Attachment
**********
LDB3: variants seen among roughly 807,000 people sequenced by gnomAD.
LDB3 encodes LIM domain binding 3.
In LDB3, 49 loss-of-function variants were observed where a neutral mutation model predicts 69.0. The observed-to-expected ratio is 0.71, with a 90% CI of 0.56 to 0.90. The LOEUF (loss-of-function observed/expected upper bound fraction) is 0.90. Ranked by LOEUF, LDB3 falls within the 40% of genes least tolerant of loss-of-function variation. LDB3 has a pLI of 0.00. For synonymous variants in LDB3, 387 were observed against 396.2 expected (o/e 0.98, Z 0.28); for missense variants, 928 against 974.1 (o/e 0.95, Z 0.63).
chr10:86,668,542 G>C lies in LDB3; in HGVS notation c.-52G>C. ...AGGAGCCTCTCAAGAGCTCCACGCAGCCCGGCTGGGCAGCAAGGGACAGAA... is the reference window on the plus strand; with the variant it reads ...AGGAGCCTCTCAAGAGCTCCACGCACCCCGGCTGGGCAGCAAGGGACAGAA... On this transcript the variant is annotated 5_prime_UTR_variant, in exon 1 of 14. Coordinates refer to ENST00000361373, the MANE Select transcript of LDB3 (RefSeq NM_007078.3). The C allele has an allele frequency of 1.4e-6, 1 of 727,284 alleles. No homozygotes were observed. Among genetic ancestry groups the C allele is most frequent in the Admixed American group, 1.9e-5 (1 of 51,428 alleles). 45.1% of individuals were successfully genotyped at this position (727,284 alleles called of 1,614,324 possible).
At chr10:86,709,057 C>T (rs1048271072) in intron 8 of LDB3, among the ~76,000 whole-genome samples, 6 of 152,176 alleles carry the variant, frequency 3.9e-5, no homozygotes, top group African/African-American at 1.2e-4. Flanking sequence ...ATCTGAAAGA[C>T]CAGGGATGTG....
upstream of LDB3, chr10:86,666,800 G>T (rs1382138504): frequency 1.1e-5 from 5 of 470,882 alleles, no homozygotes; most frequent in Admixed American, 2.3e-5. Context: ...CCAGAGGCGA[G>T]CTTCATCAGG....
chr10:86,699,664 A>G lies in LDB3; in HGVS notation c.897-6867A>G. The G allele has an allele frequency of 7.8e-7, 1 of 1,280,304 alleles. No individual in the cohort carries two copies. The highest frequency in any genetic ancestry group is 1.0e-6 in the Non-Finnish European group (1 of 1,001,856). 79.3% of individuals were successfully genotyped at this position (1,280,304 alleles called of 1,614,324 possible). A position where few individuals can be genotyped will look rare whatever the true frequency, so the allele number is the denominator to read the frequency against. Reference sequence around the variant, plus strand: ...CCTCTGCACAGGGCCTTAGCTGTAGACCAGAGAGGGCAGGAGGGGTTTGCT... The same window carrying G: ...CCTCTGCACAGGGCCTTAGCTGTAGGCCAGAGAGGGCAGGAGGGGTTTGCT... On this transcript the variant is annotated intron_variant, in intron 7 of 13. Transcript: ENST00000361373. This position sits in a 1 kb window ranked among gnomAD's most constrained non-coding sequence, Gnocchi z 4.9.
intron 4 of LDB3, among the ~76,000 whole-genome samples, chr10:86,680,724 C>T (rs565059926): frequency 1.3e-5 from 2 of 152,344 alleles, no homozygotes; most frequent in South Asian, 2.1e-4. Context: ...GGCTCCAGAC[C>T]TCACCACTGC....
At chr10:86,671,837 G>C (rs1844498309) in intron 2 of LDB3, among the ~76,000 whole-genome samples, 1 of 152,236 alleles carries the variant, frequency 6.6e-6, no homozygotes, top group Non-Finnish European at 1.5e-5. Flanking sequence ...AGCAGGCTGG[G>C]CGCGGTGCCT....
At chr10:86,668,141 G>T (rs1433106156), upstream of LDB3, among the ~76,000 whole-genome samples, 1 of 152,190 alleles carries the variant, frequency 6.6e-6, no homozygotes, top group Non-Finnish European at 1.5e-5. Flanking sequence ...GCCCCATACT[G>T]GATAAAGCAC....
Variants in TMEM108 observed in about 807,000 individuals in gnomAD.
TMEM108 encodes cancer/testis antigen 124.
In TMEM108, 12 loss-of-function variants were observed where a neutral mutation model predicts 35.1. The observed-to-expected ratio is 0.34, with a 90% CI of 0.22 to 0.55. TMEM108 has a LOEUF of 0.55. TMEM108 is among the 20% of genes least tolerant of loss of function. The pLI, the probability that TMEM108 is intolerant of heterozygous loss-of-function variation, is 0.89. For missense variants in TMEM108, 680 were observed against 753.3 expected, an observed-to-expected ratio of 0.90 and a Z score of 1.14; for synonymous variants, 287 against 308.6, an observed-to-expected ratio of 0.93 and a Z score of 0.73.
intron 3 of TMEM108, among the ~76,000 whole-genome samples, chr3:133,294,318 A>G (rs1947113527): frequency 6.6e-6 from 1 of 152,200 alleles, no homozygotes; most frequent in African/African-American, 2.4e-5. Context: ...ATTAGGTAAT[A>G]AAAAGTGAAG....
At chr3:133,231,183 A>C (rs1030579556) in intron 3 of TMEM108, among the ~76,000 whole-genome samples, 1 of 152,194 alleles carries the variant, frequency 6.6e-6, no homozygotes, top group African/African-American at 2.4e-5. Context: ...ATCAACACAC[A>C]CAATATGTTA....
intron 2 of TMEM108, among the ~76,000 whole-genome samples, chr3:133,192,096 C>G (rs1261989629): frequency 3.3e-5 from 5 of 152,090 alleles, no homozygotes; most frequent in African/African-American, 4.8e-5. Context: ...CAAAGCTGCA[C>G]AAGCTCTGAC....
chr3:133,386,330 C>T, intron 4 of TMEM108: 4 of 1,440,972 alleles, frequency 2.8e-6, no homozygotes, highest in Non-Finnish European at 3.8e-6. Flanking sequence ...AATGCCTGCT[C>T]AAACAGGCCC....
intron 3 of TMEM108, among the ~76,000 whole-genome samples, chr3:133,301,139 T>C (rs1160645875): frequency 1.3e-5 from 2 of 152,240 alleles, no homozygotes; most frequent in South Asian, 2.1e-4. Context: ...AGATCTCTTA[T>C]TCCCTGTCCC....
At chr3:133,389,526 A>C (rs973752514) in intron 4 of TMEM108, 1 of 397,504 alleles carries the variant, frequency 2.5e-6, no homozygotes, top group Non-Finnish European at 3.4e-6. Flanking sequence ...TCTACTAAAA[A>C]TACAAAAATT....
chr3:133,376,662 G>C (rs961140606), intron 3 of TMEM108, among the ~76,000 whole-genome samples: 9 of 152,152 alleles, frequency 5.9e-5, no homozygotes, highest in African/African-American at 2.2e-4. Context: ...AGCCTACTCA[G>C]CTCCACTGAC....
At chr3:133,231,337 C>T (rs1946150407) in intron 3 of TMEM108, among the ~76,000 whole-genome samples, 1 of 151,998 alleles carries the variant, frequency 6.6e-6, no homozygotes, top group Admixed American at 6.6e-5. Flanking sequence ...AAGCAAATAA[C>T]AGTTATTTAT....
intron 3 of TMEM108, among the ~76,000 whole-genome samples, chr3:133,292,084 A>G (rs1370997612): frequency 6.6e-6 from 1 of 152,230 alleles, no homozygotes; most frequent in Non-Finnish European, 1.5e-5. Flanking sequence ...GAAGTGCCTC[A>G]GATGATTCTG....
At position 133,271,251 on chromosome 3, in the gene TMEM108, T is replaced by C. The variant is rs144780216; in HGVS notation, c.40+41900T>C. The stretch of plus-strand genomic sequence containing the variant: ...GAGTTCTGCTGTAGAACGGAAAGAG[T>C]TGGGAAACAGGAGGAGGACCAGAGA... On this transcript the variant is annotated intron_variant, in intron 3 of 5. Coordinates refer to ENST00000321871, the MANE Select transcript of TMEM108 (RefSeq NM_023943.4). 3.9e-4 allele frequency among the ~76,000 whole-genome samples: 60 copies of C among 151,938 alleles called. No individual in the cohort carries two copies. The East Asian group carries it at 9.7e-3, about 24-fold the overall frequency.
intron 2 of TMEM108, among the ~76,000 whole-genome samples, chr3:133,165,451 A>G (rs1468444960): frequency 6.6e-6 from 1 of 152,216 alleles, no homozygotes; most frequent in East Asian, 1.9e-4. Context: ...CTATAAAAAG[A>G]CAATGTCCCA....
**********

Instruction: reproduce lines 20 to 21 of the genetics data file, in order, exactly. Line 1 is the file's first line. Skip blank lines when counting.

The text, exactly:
chr3:133,376,662 G>C (rs961140606), intron 3 of TMEM108, among the ~76,000 whole-genome samples: 9 of 152,152 alleles, frequency 5.9e-5, no homozygotes, highest in African/African-American at 2.2e-4. Context: ...AGCCTACTCA[G>C]CTCCACTGAC....
At chr3:133,231,337 C>T (rs1946150407) in intron 3 of TMEM108, among the ~76,000 whole-genome samples, 1 of 151,998 alleles carries the variant, frequency 6.6e-6, no homozygotes, top group Admixed American at 6.6e-5. Flanking sequence ...AAGCAAATAA[C>T]AGTTATTTAT....